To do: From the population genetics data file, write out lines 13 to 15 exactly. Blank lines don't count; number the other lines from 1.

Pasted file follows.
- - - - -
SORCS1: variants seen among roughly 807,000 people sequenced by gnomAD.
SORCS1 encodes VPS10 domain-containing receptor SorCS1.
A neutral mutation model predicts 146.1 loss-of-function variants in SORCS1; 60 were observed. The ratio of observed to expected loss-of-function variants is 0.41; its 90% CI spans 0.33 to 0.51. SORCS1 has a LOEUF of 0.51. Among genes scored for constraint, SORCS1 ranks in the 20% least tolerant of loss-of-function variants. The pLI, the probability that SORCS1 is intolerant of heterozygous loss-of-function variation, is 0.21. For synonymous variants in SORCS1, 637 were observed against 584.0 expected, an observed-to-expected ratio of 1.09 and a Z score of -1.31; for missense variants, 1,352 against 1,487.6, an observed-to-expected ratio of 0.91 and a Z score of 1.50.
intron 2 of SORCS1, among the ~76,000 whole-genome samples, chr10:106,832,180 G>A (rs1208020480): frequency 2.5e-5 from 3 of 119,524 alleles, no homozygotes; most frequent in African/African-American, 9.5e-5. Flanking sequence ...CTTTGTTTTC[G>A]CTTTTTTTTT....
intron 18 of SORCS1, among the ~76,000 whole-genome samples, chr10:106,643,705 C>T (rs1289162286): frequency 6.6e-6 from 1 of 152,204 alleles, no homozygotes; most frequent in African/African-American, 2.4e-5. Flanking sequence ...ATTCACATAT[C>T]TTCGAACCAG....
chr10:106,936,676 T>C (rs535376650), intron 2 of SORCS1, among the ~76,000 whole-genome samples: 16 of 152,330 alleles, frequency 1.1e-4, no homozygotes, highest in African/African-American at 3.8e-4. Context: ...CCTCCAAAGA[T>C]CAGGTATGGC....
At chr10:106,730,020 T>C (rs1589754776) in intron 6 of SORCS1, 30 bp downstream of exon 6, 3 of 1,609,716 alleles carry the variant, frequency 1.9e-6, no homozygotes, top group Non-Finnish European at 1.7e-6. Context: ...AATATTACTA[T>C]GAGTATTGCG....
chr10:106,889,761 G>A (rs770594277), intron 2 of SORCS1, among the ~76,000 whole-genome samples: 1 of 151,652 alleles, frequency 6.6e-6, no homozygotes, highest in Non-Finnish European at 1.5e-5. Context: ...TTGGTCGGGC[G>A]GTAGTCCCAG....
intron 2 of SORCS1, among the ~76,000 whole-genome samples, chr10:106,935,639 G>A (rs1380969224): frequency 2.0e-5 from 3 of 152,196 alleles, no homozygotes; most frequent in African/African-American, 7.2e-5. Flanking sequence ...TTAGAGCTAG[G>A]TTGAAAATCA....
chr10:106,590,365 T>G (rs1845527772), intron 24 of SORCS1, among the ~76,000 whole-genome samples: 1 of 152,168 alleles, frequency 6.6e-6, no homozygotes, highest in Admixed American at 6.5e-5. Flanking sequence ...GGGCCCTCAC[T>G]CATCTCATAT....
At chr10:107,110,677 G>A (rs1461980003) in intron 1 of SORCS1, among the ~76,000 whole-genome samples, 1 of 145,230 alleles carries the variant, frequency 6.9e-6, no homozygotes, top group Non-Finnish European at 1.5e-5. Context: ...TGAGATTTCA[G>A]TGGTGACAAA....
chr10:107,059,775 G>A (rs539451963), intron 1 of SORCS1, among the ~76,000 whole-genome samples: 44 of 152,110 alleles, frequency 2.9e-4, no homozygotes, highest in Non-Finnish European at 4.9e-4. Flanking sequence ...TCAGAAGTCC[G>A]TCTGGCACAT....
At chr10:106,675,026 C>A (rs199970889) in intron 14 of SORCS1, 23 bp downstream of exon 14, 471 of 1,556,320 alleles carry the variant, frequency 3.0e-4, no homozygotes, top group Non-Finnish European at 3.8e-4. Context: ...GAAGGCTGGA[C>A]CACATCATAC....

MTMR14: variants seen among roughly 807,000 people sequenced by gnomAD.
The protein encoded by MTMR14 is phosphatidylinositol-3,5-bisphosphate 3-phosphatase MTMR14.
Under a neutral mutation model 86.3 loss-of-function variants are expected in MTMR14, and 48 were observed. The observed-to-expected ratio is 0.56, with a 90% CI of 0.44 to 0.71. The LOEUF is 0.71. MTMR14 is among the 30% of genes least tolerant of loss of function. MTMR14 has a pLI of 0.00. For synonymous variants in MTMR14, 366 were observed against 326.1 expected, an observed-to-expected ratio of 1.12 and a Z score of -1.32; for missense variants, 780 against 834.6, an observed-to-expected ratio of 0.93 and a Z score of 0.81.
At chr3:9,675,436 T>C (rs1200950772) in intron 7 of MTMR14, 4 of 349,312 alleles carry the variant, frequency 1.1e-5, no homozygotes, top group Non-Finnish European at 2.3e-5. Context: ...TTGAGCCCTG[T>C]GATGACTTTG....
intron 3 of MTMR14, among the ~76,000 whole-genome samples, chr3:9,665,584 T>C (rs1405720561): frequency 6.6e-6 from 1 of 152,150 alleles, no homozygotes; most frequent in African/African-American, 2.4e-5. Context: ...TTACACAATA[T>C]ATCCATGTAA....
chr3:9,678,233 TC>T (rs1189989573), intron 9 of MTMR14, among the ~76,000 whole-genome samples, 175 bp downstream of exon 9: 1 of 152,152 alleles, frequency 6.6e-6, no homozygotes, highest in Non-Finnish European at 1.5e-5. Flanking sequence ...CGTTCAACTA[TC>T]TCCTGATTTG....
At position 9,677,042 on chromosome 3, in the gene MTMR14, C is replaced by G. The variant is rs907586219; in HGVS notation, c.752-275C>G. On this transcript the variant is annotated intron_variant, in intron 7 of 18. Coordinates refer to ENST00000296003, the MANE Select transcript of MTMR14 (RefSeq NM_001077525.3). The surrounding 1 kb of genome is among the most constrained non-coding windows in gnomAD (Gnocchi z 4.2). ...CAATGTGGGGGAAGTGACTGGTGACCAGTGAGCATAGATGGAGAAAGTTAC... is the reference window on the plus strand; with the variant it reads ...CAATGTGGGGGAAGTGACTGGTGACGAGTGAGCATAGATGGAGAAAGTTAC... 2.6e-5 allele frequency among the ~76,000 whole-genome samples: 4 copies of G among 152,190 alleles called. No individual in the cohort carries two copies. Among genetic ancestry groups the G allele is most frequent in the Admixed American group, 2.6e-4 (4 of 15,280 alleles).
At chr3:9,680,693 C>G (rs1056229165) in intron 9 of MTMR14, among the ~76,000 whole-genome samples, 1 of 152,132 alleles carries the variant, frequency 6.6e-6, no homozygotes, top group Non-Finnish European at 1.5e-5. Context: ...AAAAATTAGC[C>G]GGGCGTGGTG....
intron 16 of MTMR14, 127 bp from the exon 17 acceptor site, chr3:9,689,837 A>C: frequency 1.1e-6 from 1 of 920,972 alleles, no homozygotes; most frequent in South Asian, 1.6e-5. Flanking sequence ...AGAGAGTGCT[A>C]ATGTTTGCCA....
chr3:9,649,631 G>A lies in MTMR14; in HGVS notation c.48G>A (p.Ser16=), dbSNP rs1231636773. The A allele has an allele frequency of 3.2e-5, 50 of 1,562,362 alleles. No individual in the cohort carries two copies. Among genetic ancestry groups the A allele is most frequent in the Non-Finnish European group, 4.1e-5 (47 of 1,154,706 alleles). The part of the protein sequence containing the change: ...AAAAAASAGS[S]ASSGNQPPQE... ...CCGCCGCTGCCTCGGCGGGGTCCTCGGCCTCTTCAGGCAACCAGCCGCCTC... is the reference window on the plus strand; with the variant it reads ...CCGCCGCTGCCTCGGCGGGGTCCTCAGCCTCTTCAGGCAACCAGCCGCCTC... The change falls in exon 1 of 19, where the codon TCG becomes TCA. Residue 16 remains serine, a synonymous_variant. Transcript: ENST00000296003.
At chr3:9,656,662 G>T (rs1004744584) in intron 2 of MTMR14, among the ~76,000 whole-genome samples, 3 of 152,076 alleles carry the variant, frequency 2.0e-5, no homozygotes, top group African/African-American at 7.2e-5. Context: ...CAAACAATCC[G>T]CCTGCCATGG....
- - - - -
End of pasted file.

At chr10:106,675,026 C>A (rs199970889) in intron 14 of SORCS1, 23 bp downstream of exon 14, 471 of 1,556,320 alleles carry the variant, frequency 3.0e-4, no homozygotes, top group Non-Finnish European at 3.8e-4. Context: ...GAAGGCTGGA[C>A]CACATCATAC....

MTMR14: variants seen among roughly 807,000 people sequenced by gnomAD.
The protein encoded by MTMR14 is phosphatidylinositol-3,5-bisphosphate 3-phosphatase MTMR14.